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Govt moves to tackle 'white' pollution

By Ma Chi | China Daily | Updated: 2018-07-04 06:30
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In 2013, five years after the ban, a market in Shandong province was still providing plastic bags that did not comply with national standards. [Yu Fangping for China Daily] 

As a result, recyclable waste is piling up in landfills.

Govt moves to tackle 'white' pollution

With the private recycling sector feeling the chill, fewer people are willing to sort waste, resulting in a lower rate of recycling, according to Chen.

"In the past, people would sort plastic bottles, papers and other recyclables at home and sell them to collectors, but now many people just throw them directly into the trash can," she said.

She added that to raise the recycling rate of usable waste, policies will have to be implemented to support sorting facilities and recycling plants via favorable approaches to taxation and land use.

Chen also called for the integration of the sanitation and resources recycling networks.

Under China's management system, waste disposal is carried out by local authorities and overseen by the Ministry of Housing and Urban-Rural Development, while recycling is also dealt with locally but overseen by the Ministry of Commerce.

However, the separation of duties increases the chances of waste ending up in landfills and incineration plants, rather than being recycled and reused, she said.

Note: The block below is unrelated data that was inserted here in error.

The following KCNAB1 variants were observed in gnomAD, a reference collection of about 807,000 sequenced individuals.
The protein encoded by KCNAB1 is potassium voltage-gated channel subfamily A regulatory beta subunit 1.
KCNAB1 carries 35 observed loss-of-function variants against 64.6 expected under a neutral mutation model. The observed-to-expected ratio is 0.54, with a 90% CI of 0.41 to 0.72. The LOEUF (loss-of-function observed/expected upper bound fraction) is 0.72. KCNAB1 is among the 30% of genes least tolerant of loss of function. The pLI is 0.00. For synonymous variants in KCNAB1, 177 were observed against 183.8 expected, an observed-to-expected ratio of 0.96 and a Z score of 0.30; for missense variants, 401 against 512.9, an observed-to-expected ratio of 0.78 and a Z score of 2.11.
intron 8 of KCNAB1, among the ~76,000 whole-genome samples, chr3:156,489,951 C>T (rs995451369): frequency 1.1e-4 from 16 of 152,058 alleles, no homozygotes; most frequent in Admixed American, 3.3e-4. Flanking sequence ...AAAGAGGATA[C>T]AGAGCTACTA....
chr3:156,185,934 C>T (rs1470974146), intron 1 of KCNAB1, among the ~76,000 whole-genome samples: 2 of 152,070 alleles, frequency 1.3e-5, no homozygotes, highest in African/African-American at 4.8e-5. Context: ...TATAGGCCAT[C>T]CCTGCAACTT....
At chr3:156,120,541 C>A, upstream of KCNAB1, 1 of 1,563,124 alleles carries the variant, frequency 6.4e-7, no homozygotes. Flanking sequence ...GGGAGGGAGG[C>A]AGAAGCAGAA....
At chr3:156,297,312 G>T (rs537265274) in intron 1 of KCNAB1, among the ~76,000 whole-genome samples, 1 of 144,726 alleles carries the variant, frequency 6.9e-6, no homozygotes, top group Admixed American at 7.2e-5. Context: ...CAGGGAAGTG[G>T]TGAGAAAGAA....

Upgraded policy

Speaking in November, He Lifeng, head of the NDRC, said the commission would widen the scope of the plastic ban and work with other departments to formulate plans to curb the use of nonbiodegradable plastic wrapping in ecommerce, express delivery and online food ordering services. The commission also pledged to strengthen enforcement. In January, the NDRC started the process of creating a national plastic pollution control policy.

The legislation will be based on three main principles: limiting or banning some types of plastic products; substituting more sustainable materials for some plastic products; and regulating the recycling and disposal of plastic waste.

Qu Ruijing, an expert at the China Association of Circular Economy, said the principles are aimed at increasing the use of recyclable and biomass-based biodegradable products, and wider adoption of other recyclable materials, which would finally begin to address the problem of white pollution in China.

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